The capture and definition of requirements were introduced later in OOHDM by Vilain,Schwabe and Sieckenius [26]. proposing the use of user interaction diagrams (UIDs). UIDs base on the well known technique of use cases. Use cases are used to capture the requirements but are considered in OOHDM as ambiguous and insufficient for the definition of the requirements that Web applications have, mainly related to the interaction between the user and the system. Therefore, for the specification of the requirements, this approach suggests the refinement of use cases building UIDs. which are used to graphically model the interaction between users and system without considering specific aspects of the interface. The process to get an UID from a use case is described very carefully in the approach.

      6. UWE: UML-based Web Engineering

    UML-based Web Engineering (LAVE) is a methodological approach for the development of Web applications based on the Unified Process [27][17]. It is based mainly on the most relevant concepts provided by other methods, but defines a UML notation (UML profile), sticks to the diagrammatic techniques proposed by the UML and defines a systematic and semi-automatic design process [28].

    UWE covers the whole life cycle of Web applications and focuses on adaptive applications. It includes a specific requirements engineering phase where requirements elicitation. Specification and validation are handled as separate activities of the process. The final result of the requirements capture in UWE is a use case model completed with documentation describing the users of the application, the adaptation rules, the interfaces and the details of the use case relevant for the use case implementation. The latter can be described textually or modeled by UML activity diagrams. UWE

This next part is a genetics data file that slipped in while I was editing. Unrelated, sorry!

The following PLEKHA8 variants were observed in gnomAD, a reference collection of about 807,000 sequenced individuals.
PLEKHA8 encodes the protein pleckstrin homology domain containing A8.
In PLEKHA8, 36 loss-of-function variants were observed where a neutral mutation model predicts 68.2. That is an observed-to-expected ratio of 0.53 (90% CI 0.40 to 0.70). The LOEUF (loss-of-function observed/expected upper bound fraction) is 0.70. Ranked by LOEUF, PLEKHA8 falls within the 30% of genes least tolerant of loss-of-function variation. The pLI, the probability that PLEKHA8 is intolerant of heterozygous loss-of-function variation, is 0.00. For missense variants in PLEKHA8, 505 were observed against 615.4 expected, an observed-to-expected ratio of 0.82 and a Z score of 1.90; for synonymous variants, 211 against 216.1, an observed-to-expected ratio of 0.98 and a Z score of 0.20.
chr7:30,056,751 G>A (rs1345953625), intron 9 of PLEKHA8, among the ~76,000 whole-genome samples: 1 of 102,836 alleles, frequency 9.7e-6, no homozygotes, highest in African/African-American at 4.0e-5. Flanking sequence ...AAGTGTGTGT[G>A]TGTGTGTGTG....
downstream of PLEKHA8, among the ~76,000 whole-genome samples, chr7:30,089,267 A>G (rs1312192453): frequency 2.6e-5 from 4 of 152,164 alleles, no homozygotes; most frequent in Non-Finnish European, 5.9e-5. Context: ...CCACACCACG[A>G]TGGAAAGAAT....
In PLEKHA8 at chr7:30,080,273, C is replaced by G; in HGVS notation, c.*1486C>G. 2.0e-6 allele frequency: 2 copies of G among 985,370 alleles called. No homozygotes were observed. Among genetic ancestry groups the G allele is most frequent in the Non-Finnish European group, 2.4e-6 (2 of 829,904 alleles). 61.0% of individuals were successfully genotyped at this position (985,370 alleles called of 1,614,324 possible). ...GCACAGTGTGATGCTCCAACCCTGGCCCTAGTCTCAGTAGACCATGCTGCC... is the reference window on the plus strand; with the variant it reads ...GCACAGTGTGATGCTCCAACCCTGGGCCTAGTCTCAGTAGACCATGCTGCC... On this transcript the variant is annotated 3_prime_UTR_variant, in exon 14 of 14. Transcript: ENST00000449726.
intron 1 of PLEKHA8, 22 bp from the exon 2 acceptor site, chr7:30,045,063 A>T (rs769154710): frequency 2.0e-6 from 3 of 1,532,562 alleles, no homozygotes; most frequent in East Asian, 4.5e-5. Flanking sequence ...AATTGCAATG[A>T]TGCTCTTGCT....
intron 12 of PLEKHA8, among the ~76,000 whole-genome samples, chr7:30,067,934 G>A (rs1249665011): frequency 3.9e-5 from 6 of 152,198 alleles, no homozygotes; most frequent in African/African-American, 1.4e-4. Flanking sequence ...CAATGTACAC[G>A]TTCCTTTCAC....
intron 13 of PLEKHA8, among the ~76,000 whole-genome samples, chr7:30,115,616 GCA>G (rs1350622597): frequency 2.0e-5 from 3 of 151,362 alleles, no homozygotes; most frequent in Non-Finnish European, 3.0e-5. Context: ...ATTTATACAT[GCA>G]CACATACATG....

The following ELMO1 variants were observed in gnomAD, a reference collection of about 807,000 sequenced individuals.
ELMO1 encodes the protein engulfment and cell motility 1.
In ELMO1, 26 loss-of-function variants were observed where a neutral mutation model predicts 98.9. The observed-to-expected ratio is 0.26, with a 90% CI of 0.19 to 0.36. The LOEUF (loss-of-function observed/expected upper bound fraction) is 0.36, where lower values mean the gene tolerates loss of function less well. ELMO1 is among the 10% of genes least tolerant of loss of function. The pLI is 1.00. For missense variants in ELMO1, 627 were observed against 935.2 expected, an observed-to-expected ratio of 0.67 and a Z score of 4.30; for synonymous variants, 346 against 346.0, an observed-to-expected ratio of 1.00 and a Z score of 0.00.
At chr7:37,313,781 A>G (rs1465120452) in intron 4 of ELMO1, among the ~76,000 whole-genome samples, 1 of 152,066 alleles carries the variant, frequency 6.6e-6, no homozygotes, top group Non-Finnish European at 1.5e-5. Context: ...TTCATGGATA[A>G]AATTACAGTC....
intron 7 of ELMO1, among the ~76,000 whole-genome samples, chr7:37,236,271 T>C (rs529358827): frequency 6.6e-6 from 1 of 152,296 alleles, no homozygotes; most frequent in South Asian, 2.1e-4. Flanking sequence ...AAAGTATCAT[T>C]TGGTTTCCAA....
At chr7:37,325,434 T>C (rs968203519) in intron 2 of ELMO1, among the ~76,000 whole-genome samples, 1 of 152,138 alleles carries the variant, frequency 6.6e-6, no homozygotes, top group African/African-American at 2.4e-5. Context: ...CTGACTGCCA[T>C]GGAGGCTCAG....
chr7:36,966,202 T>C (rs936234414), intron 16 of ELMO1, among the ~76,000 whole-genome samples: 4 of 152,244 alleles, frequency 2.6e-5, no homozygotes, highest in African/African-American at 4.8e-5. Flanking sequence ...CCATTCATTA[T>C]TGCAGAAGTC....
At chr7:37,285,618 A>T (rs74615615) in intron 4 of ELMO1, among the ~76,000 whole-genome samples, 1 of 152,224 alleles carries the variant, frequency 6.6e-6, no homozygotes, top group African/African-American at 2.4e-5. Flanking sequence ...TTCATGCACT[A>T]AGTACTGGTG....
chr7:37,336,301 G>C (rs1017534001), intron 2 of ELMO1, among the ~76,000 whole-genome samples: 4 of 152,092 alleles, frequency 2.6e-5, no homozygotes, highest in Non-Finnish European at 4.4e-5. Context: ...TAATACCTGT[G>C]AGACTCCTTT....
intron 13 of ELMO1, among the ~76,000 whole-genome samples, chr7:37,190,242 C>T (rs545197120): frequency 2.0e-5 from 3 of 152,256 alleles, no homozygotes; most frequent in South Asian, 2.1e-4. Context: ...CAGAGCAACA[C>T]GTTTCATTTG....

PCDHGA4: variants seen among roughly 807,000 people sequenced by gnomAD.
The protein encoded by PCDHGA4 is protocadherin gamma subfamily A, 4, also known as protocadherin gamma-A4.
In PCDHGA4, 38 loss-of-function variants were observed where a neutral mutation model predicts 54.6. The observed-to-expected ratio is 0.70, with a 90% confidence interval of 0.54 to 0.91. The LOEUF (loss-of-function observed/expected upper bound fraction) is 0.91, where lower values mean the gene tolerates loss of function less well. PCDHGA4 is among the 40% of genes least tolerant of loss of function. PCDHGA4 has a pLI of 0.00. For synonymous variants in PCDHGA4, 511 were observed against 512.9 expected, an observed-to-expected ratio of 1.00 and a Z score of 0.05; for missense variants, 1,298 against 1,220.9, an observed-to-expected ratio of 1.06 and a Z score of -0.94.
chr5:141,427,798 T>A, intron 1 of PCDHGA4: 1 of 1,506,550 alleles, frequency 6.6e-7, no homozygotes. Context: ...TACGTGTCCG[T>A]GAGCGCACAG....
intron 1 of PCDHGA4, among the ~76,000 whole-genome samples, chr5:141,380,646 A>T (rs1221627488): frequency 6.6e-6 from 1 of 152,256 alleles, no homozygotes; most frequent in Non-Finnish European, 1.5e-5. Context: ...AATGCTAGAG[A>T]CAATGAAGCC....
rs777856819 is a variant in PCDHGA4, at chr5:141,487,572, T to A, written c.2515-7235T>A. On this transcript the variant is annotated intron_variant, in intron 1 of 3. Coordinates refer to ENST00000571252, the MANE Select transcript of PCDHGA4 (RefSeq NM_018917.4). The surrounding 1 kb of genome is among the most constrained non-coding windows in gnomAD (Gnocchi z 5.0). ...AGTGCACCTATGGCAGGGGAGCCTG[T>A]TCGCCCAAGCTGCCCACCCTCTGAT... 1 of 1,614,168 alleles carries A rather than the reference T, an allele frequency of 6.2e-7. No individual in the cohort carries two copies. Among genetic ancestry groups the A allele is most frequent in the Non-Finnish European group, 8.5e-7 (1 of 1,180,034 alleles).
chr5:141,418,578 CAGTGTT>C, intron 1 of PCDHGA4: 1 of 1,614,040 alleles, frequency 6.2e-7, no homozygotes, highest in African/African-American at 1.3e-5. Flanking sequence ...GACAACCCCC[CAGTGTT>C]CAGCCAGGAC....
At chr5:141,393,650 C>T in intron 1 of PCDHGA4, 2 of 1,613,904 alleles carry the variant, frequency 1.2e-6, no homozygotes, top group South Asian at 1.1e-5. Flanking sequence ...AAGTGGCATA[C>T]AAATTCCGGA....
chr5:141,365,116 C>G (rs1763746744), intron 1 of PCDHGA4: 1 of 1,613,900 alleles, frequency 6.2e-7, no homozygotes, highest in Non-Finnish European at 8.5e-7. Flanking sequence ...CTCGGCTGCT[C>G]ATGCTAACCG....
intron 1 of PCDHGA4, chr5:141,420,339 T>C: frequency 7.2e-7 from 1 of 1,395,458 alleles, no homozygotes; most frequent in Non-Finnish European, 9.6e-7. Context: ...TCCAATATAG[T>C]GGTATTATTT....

classifies requirements into two groups: functional and non-functional. Functional requirements contemplated in UWE are:

    • Content requirements, Structure requirements, Presentation requirements, Adaptation requirements

      • User model requirements

      Moreover,UWE proposes interviews, questionnaires and checklists as appropriated techniques for the requirements capture, and use cases, scenarios and glossaries for the requirements specification. To validate them. UWE proposes walk-through, audits and prototypes [29].

  5. Conclusion

    In this paper we have introduced a method for carrying out the Requirements Elicitation and Analysis activity for semantic applications. We have defined the tasks involved within the activity in the context of an iterative development life-cycle. This is particularly useful when application requirements are changing continuously during the whole application construction. The enterprise application development is complex, especially because it has multiple perspectives, objectives and purposes. With this seven steps, the IT Personnel should have clear picture and strategies how to development an enterprise application because the requirement for all environment is not similar with other enterprises that have so many requirements. we gave an outline of the methodologies for the Web describing how these approaches cover the aspects related to requirements engineering. As a result of our study we can claim that there is still a great research potential in the field of requirements engineering for Web applications.